Review Bengali

Shah Jahan Regency review: Director Srijit Mukherji fails to do justice to Chowringhee's essence

Release Date: 18 Jan 2019


Cinestaan Rating

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Roushni Sarkar

Chowringhee is a story of the hotel and the characters lend life to it. But Srijit’s film is more about the characters and their personal journeys.

Srijit Mukherji’s Shah Jahan Regency is a modern adaptation of Mani Shankar Mukherjee’s most popular novel, Chowringhee.

According to Anjan Dutt and many other actors, who play important characters in the film, the earlier on-screen adaptation of the novel by Pinaki Bhushan Mukherjee, titled Chowringhee (1968), did not follow the story loyally and singularly turned into a narrative of Sata Bose, one of its prominent characters, played by Uttam Kumar. However, even if their claim is true, the reviewer is of the opinion —  if one wishes to enjoy Shah Jahan Regency for a few moments — one must refrain from watching Chowringhee, as Srijit’s film will then mostly disappoint with its apparently contemporary spins.

Cinematographer Gairik Sarkar’s long drone shot interspersed with the snippet views of protagonist Rudra (Parambrata Chatterjee) earning his means through various jobs is an engaging beginning of the film.

Srijit Mukherji on why he gave Chowringhee a modern spin for Shah Jahan Regency

Rudra’s commentary on Shankar’s novel, its context, as well as the backdrop of the modern story prepares the audience well.

Unlike the original story, Rudra gets employed in Makaranda Pal’s Shah Jahan Regency as an intern. He is a common man, but he has his own views, curiosities and opinions. He also doesn’t mind a retort if cornered by a scornful fellow employee. Rudra is quite updated with Shankar, the protagonist of Mani Shankar's novel and suits the contemporary world well enough.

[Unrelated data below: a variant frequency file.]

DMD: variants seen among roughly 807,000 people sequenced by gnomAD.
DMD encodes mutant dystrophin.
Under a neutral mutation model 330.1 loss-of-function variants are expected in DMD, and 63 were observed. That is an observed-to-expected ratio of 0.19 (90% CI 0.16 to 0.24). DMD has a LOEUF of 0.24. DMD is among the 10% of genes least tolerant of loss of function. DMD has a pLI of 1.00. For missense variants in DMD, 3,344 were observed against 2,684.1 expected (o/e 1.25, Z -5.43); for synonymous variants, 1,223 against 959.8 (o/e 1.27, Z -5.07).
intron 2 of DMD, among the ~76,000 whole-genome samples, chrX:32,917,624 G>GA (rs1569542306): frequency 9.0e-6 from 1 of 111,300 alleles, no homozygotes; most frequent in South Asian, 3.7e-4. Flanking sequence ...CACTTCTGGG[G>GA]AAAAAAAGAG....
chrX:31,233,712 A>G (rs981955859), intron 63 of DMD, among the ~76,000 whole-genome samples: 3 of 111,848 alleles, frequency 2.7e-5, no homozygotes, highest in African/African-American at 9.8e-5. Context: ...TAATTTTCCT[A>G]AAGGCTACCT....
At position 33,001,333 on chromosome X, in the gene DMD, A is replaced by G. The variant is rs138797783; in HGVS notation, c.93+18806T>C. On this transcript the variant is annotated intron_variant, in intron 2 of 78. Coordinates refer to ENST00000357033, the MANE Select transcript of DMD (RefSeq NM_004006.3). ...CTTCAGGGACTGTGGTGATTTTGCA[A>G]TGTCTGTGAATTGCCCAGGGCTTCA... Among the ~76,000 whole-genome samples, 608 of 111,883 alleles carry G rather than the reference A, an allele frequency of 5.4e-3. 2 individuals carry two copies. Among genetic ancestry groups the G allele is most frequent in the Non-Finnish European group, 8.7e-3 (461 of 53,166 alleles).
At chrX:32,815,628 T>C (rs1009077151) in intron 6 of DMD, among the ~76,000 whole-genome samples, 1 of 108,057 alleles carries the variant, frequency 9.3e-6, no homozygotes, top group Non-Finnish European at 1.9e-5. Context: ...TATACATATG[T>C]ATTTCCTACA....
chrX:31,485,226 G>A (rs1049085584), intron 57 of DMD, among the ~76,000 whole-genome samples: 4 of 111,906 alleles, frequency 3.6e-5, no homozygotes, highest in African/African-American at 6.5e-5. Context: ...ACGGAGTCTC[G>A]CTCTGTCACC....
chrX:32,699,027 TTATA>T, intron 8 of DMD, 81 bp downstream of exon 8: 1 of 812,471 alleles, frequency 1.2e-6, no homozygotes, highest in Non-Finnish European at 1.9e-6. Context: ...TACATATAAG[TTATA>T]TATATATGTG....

Makaranda Pal (Anjan Dutt) is a rather depressed soul who has employed small-time detective Barun (Rudranil Ghosh) to spy on his wife. Here the director reveals a lot more than needed when it comes to depicting the crumbling state of Pal’s marital life and doesn’t leave the audience with any scope to anticipate a dramatic unfolding. The entire first half follows a similar kind of flat plot progression that robs the audience from being exposed to the mysteries hidden in the corners of a glamorous hotel.

When Pinaki Bhushan made Chowringhee (1968), the common audience was not so familiar with the happenings inside a five-star hotel. However, the situation is not the same now. Therefore, Srijit should have been more conscious when it came to presenting the hotel as the microcosm of the world itself.

What the audience gets to see in the first half of the film is known to them already. The scandalous lifestyle of a hotelier’s wife; a socialite’s façade with feminist projects and her adulterous ways do not surprise the audience at all or at least are not presented in a way to intrigue the audience. The lengthy sequences in which Samiran (Abir Chatterjee) introduces Rudra to every department are honestly quite boring.